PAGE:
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The Red Dragon has been "Trapped" and now faces the grueling task of being "Trained" by the wizard and the two training dragons; "Green" and "Blue".
The performer presents a beautiful gray marble looking round table with wood inlay top and an ornate black granite looking cover, with a opening at both ends so access is available from both the top and the bottom of the cover. This black ornate cover fits over a stand which is permanently attached to the center of the table. Alongside the stand, a gray marble looking, ornate box with a sliding drawer is also presented.
The performer slides out the drawer of the gray drawer box to reveal three dragon blocks, the Red Dragon, the Green Dragon and the Blue Dragon. The three dragon blocks are removed from the drawer and laid out on the table.
Next, the performer removes the black cover from the round table to reveal a dragon training stand. The table may be rotated to openly show that the stand is completely empty. The cover is placed back over the stand and the drawer returned to the gray drawer box.
It is explained that in order for the dragon to fulfill the duties they are captured for, they must be "Trained" to obey their new master. This is not a difficult training and if "Red" can complete the training without any issues, he will be ready to serve. The performer pick up and inserts blue into the top of the black cover, "blue" is heard dropping to the base of the training stand. Next, "Green" is inserted through the top opening of the cover followed by "Red". This is a simple task of simple order, right? "Blue" on the bottom, "Green" in the middle and "Red" on top. Well . . . "Red" is not too fond of the whole training thing. The performer removes the black cover to reveal the order of the dragons is "Red" at the bottom, "Blue" in the middle and "Green" at the top. Not exactly what the wizard wanted. The performer removes the dragon blocks from the stand and lays them on the table.
The performer tries another simple task to make it even easier for "Red". Before the cover is replaced over the stand, the performer puts "Green" into the stand by itself. The black cover is once again placed over the stand and the performer picks up and inserts "Blue" through the top of the stand followed by "Red". This should be simple, the order is ""Green" on the bottom, "Blue" in the middle and "Red" on top. The performer removes the cover once again to show that "Red" just refuses to cooperate. The order is "Green" on bottom, "Red"in the middle and "Blue on top.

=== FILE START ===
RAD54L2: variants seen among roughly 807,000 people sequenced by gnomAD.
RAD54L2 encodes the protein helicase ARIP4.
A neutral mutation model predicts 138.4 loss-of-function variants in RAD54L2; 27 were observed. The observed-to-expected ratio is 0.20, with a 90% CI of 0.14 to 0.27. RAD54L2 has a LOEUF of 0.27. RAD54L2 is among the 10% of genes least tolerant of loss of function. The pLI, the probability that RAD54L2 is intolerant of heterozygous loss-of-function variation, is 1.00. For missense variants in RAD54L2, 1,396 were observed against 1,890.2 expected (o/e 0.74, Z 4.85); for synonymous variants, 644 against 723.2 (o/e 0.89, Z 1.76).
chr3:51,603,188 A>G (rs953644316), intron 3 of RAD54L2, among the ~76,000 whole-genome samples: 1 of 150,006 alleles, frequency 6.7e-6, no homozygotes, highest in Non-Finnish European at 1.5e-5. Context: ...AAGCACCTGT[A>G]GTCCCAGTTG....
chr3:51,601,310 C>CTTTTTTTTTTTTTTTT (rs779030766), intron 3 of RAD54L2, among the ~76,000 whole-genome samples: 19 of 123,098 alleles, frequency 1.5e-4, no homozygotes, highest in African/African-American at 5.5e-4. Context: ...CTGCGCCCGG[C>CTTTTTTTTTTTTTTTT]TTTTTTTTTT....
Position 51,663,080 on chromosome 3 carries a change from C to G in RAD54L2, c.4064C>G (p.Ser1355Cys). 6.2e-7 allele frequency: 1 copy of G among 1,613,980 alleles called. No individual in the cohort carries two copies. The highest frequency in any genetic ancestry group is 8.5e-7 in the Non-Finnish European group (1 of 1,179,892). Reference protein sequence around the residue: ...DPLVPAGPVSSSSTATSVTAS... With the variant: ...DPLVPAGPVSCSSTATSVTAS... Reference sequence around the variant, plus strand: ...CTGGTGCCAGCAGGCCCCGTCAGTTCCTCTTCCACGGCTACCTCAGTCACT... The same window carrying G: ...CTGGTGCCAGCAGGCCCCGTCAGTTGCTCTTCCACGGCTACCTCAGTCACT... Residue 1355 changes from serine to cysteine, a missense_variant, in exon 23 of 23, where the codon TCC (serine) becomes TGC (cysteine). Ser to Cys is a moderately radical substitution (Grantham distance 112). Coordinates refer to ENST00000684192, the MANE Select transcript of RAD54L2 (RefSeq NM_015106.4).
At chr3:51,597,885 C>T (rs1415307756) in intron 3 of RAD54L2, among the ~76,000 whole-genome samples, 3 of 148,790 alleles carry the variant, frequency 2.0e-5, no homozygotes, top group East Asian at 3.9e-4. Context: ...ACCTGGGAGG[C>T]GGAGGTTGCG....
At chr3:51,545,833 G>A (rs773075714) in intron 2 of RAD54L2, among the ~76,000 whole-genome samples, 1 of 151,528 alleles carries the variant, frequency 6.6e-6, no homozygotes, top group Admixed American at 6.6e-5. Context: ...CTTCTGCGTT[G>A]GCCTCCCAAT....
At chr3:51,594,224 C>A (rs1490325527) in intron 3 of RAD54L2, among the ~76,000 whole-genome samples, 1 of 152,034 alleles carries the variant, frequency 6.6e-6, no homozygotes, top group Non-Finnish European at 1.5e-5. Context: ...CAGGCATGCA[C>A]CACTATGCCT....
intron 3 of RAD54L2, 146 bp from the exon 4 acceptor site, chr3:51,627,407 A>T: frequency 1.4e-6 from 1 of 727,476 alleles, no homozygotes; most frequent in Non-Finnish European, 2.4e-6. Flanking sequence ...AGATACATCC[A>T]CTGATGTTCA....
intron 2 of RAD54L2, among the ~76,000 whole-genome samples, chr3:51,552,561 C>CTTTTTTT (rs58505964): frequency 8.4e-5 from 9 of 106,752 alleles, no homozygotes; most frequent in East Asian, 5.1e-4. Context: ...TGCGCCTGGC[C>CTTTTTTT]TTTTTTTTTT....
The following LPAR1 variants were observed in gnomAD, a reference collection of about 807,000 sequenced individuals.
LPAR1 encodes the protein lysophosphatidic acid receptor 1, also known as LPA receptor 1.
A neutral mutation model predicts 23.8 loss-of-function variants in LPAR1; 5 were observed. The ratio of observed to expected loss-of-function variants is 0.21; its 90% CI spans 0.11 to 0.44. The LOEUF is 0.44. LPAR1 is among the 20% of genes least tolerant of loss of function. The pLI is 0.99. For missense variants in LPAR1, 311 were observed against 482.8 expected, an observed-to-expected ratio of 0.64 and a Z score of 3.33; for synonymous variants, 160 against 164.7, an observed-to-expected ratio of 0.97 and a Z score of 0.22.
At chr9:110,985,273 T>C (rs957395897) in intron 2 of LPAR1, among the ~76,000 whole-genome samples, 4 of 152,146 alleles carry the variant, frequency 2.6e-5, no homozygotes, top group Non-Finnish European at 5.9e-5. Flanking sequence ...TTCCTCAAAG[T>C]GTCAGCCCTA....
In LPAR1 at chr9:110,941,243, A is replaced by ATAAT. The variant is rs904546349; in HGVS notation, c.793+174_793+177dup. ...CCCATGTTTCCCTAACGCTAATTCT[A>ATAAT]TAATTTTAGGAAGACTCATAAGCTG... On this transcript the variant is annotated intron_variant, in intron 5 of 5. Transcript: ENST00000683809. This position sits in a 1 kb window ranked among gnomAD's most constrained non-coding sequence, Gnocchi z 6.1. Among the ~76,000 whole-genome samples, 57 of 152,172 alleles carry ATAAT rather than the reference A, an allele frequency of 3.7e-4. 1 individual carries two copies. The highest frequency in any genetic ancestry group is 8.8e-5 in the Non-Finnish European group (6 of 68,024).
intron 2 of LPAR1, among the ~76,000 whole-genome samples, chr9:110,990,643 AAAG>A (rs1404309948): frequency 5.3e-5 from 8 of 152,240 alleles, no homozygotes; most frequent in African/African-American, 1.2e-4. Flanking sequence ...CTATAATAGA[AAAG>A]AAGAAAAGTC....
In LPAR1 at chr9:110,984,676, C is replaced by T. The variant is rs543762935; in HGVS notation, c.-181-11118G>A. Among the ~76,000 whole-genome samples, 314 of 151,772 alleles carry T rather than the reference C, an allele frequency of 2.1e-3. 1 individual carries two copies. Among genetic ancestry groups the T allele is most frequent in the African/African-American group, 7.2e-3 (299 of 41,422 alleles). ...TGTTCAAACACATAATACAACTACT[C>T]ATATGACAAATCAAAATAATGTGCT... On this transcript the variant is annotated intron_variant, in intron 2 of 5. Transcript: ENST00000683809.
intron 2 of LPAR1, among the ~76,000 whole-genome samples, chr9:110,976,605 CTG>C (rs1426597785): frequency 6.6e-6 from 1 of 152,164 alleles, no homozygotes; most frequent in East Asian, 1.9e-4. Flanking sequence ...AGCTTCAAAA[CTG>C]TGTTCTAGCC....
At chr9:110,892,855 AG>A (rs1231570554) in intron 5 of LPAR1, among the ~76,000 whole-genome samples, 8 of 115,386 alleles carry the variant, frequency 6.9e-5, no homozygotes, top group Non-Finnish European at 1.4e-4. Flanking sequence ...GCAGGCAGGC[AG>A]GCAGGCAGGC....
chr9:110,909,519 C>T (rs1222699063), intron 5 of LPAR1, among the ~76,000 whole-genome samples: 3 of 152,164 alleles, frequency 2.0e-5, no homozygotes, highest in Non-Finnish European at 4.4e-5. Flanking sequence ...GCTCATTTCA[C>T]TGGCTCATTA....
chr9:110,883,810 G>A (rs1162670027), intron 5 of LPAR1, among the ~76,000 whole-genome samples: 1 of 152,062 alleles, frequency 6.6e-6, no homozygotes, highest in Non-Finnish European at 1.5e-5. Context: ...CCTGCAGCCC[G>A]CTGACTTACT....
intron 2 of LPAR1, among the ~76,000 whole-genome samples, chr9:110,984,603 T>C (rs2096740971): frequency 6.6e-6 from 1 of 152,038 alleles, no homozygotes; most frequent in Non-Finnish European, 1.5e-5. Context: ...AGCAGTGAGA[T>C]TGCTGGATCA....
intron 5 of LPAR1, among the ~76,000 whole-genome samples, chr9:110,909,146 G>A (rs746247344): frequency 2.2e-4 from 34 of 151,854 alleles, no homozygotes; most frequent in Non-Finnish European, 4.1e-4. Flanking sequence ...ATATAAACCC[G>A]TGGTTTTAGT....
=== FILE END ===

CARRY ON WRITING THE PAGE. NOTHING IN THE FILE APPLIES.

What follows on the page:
The wizard, frustrated at this point, sends all three dragons back to their quarters (the drawer). The performer actually allows the spectator to select which dragon is placed in the drawer first, second and last. Once all three dragon blocks are placed into the drawer, the performer slides the drawer into the gray drawer box. The performer then covers the empty training stand with the black cover. The performer then explains it will take much more training in order for "Red" to be trusted for the duties he was captured for. The performer lifts the cover to show the empty training stand and explains that this was not a difficult task, the performer then lets go to cover the stand again. The performer then brings forward the drawer box and slides open the drawer while explaining that all that "Red" needs to do is listen and do as told . . . the performer looks at the dragons only to see that "Red" has vanished. Perplexed by the situation, the performer lifts off the cover of the training stand to reveal that "Red" has somehow returned to the training stand all by himself.
The wizard is satisfied, he feels that "Red" is now obedient and ambitious to be "Trained" . . . or is he?
The black sparkle pieces are printed with specialty filament created for a granite appearance. The gray pieces are printed with a specialty filament created for a marble appearance.